HBO recently released its two-part, four-hour George Carlin documentary, which is excellent, and it got me in the mood to listen to several audiobooks by and about George. The first I’m going to review is Seven Dirty Words: The Life and Crimes of George Carlin by James Sullivan. Read on for my thoughts on this book.
In Seven Dirty Words, journalist and cultural critic James Sullivan tells the story of Alternative America from the 1950s to the present, from the singular vantage point of George Carlin, the Catholic boy for whom nothing was sacred.
A critical biography, Seven Dirty Words is an insightful (and, of course, hilarious) examination of Carlin’s body of work as it pertained to the cultural times and the man who created it, from his early days as a more-or-less conventional comedian to his stunning transformation into the subversive comedic voice of the emerging counterculture. Sullivan also chronicles Carlin’s struggles with censorship and drugs, as well as the full-blown renaissance he experienced in the 1990s, both personally and professionally, when he became an elder statesman to a younger generation of comics who revered him.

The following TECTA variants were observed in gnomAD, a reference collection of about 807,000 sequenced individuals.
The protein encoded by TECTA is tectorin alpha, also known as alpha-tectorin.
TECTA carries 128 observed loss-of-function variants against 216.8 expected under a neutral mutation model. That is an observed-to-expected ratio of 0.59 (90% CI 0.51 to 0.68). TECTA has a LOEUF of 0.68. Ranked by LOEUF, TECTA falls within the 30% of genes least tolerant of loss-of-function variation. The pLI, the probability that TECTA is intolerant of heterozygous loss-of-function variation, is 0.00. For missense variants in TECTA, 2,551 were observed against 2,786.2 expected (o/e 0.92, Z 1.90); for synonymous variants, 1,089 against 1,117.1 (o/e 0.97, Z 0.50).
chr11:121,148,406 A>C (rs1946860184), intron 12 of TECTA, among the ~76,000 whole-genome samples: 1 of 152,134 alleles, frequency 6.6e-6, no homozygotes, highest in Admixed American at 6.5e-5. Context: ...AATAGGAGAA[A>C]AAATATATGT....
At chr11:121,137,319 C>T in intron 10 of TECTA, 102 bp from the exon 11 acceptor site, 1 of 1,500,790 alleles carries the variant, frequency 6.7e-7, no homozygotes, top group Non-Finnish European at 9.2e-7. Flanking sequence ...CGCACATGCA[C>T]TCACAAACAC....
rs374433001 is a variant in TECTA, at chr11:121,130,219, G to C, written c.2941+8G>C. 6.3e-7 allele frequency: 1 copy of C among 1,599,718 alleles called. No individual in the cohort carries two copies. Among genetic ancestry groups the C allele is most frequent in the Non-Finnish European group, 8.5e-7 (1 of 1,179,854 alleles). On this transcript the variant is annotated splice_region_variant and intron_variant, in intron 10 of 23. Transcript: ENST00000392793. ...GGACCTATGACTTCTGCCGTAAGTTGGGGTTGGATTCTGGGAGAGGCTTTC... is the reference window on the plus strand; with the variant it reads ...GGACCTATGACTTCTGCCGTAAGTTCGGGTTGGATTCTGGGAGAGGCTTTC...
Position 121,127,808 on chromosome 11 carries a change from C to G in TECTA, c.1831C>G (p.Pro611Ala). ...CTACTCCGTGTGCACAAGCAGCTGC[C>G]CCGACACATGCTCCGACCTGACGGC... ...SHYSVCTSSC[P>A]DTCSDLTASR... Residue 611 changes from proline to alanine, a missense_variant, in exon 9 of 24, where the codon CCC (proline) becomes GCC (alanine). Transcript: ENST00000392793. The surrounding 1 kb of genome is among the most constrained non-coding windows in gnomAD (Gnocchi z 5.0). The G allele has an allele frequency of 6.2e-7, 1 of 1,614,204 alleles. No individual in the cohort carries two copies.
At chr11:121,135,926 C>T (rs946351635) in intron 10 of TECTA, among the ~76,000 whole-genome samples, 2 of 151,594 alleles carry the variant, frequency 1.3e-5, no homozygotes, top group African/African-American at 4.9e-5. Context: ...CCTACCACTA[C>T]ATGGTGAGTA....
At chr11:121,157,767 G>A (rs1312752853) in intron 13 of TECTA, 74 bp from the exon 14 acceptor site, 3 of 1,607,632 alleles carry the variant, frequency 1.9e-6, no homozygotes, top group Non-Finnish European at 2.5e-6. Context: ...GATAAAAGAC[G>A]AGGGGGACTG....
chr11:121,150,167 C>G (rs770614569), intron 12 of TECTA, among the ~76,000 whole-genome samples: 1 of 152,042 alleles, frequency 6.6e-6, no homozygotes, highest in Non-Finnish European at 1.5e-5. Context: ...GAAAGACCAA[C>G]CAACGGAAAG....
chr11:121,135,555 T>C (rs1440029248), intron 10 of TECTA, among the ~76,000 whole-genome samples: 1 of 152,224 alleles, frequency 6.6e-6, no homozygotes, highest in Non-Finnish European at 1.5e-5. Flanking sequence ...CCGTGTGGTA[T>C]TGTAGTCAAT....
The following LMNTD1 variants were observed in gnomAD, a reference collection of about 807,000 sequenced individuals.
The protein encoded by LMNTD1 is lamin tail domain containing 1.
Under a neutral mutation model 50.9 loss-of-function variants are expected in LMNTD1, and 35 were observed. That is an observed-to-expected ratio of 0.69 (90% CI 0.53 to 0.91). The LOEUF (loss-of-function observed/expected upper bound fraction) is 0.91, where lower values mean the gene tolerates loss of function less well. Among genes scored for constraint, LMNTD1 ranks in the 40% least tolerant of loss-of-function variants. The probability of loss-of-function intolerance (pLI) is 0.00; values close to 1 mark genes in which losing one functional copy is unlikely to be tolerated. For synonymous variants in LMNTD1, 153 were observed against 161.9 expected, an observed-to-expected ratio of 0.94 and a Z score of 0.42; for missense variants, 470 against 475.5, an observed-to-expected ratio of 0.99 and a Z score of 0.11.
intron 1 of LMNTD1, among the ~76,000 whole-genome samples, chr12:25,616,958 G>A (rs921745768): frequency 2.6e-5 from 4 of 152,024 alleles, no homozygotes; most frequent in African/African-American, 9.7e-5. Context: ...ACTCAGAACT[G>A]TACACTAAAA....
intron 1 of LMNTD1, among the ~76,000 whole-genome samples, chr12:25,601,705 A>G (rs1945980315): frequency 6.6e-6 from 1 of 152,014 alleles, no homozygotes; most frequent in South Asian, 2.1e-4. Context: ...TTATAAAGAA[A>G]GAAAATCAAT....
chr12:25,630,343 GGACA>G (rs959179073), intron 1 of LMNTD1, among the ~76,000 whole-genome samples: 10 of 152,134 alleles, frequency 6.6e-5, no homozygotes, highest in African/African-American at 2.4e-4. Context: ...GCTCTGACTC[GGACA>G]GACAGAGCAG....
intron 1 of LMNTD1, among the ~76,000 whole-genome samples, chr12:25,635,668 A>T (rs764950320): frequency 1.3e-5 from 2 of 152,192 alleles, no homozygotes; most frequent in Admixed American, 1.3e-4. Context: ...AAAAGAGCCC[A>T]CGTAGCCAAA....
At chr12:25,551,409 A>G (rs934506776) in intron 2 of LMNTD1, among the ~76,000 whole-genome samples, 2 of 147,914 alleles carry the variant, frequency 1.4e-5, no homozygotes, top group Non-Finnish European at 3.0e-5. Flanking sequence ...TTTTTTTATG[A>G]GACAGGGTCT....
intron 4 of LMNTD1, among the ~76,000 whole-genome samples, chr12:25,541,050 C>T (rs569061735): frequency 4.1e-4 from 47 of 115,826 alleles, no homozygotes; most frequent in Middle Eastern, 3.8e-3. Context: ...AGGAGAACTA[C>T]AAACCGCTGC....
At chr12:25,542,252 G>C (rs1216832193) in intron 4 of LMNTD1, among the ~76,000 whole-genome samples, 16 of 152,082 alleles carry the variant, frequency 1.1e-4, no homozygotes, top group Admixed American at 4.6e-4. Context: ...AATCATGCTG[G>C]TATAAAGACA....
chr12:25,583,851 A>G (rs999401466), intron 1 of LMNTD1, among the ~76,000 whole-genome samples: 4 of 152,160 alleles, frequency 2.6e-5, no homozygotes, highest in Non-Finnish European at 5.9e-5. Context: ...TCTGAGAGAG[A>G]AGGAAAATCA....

Seven Dirty Words is nothing less than the definitive biography of an American master who changed the world and also a work of cultural commentary that frames George Carlin’s extraordinary legacy.
As I’m wont to do, I listened to this audiobook using Downpour, a great audiobook store (and app) with a massive selection of books across a wide swath of genres.
Seven Dirty Words is an enjoyable book. Released in 2010, one year after George’s posthumous autobiography, its a little over 10 hours in length and covers the lauded comedian’s life and career.
James Sullivan appeared in the George Carlin documentary, so I guess George’s daughter, Kelly — who has her own book — thought highly enough of this book to include him in the HBO piece. After all, she’s in charge of George estate and shepherded the production of this new documentary.
Seven Dirty Words is narrated by Alan Sklar. With a deep, gravelly voice, he’s well suited for a book about George — a comedian whose sonic skills always commanded attention.
I enjoyed Seven Dirty Words. It’s long enough to feel substantive but doesn’t overstay it’s welcome. I learned a few things along the way, and the audio production made for a pleasant listening experience. If you’re a George Carlin fan or simply like reading illuminating biographies, check out Seven Dirty Words.